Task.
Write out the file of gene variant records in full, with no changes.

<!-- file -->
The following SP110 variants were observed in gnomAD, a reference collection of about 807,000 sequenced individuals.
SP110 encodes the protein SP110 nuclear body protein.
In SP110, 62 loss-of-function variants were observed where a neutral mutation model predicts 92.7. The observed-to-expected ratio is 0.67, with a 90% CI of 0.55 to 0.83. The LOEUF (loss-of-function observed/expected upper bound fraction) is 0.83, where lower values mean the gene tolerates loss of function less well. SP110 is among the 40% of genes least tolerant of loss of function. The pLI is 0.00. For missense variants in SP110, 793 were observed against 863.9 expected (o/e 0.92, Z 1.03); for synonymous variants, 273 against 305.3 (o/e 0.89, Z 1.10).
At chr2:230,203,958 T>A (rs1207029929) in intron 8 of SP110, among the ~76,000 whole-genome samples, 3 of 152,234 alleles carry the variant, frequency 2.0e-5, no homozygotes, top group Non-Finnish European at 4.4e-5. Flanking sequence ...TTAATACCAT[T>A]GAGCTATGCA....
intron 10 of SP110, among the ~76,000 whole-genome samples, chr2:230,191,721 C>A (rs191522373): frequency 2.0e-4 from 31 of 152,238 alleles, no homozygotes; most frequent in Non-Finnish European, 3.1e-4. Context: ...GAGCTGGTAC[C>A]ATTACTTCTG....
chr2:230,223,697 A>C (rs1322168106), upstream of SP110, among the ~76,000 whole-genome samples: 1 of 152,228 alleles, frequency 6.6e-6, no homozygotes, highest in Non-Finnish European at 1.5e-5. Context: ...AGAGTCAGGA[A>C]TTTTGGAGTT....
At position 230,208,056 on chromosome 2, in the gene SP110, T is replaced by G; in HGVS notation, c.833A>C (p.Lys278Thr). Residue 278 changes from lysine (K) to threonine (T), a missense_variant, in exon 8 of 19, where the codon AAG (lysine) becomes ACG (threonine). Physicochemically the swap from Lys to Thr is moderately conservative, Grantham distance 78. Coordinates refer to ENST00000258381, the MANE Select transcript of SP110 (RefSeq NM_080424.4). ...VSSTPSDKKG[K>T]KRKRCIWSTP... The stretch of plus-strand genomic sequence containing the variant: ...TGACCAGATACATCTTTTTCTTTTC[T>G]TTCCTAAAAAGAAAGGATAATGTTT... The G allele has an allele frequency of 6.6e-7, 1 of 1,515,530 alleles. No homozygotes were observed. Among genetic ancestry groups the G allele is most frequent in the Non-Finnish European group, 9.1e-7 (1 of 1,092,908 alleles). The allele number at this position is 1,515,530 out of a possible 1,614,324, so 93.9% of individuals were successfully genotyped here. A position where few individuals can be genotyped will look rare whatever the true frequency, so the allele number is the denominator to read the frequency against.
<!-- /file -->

The following SP110 variants were observed in gnomAD, a reference collection of about 807,000 sequenced individuals.
SP110 encodes the protein SP110 nuclear body protein.
In SP110, 62 loss-of-function variants were observed where a neutral mutation model predicts 92.7. The observed-to-expected ratio is 0.67, with a 90% CI of 0.55 to 0.83. The LOEUF (loss-of-function observed/expected upper bound fraction) is 0.83, where lower values mean the gene tolerates loss of function less well. SP110 is among the 40% of genes least tolerant of loss of function. The pLI is 0.00. For missense variants in SP110, 793 were observed against 863.9 expected (o/e 0.92, Z 1.03); for synonymous variants, 273 against 305.3 (o/e 0.89, Z 1.10).
At chr2:230,203,958 T>A (rs1207029929) in intron 8 of SP110, among the ~76,000 whole-genome samples, 3 of 152,234 alleles carry the variant, frequency 2.0e-5, no homozygotes, top group Non-Finnish European at 4.4e-5. Flanking sequence ...TTAATACCAT[T>A]GAGCTATGCA....
intron 10 of SP110, among the ~76,000 whole-genome samples, chr2:230,191,721 C>A (rs191522373): frequency 2.0e-4 from 31 of 152,238 alleles, no homozygotes; most frequent in Non-Finnish European, 3.1e-4. Context: ...GAGCTGGTAC[C>A]ATTACTTCTG....
chr2:230,223,697 A>C (rs1322168106), upstream of SP110, among the ~76,000 whole-genome samples: 1 of 152,228 alleles, frequency 6.6e-6, no homozygotes, highest in Non-Finnish European at 1.5e-5. Context: ...AGAGTCAGGA[A>C]TTTTGGAGTT....
At position 230,208,056 on chromosome 2, in the gene SP110, T is replaced by G; in HGVS notation, c.833A>C (p.Lys278Thr). Residue 278 changes from lysine (K) to threonine (T), a missense_variant, in exon 8 of 19, where the codon AAG (lysine) becomes ACG (threonine). Physicochemically the swap from Lys to Thr is moderately conservative, Grantham distance 78. Coordinates refer to ENST00000258381, the MANE Select transcript of SP110 (RefSeq NM_080424.4). ...VSSTPSDKKG[K>T]KRKRCIWSTP... The stretch of plus-strand genomic sequence containing the variant: ...TGACCAGATACATCTTTTTCTTTTC[T>G]TTCCTAAAAAGAAAGGATAATGTTT... The G allele has an allele frequency of 6.6e-7, 1 of 1,515,530 alleles. No homozygotes were observed. Among genetic ancestry groups the G allele is most frequent in the Non-Finnish European group, 9.1e-7 (1 of 1,092,908 alleles). The allele number at this position is 1,515,530 out of a possible 1,614,324, so 93.9% of individuals were successfully genotyped here. A position where few individuals can be genotyped will look rare whatever the true frequency, so the allele number is the denominator to read the frequency against.